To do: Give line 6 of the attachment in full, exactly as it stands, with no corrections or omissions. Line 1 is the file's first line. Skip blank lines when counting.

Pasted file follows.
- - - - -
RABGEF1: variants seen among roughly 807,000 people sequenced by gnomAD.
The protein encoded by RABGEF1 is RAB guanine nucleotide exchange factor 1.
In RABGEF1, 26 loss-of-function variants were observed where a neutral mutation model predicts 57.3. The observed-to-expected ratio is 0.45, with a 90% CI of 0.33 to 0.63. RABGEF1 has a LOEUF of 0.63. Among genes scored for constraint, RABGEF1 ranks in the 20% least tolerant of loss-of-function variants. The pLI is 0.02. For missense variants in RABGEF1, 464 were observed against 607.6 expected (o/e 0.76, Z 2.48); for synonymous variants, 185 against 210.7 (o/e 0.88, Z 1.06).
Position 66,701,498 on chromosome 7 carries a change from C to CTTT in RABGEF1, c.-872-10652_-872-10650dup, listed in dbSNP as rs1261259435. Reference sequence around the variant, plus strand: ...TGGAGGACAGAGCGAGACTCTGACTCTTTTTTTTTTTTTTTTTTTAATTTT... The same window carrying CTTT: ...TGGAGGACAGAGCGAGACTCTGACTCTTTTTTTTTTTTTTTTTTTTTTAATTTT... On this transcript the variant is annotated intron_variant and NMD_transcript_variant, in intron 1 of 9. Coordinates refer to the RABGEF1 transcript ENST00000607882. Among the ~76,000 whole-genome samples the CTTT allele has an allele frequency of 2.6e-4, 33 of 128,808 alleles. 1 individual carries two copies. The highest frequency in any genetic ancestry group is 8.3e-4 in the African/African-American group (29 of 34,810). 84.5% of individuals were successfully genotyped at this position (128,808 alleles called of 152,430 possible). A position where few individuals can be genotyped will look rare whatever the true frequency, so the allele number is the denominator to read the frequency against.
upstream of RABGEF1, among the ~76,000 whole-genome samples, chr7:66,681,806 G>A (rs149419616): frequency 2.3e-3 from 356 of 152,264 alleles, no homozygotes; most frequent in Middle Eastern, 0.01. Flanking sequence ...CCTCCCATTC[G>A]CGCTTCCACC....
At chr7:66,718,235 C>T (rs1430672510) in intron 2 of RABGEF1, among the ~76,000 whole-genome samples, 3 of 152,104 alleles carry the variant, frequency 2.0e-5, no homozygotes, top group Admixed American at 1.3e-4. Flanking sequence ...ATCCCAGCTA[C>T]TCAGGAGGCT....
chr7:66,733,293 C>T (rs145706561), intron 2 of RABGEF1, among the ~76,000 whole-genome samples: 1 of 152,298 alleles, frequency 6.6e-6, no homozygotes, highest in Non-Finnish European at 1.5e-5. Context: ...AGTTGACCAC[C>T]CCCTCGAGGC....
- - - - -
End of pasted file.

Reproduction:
At chr7:66,718,235 C>T (rs1430672510) in intron 2 of RABGEF1, among the ~76,000 whole-genome samples, 3 of 152,104 alleles carry the variant, frequency 2.0e-5, no homozygotes, top group Admixed American at 1.3e-4. Flanking sequence ...ATCCCAGCTA[C>T]TCAGGAGGCT....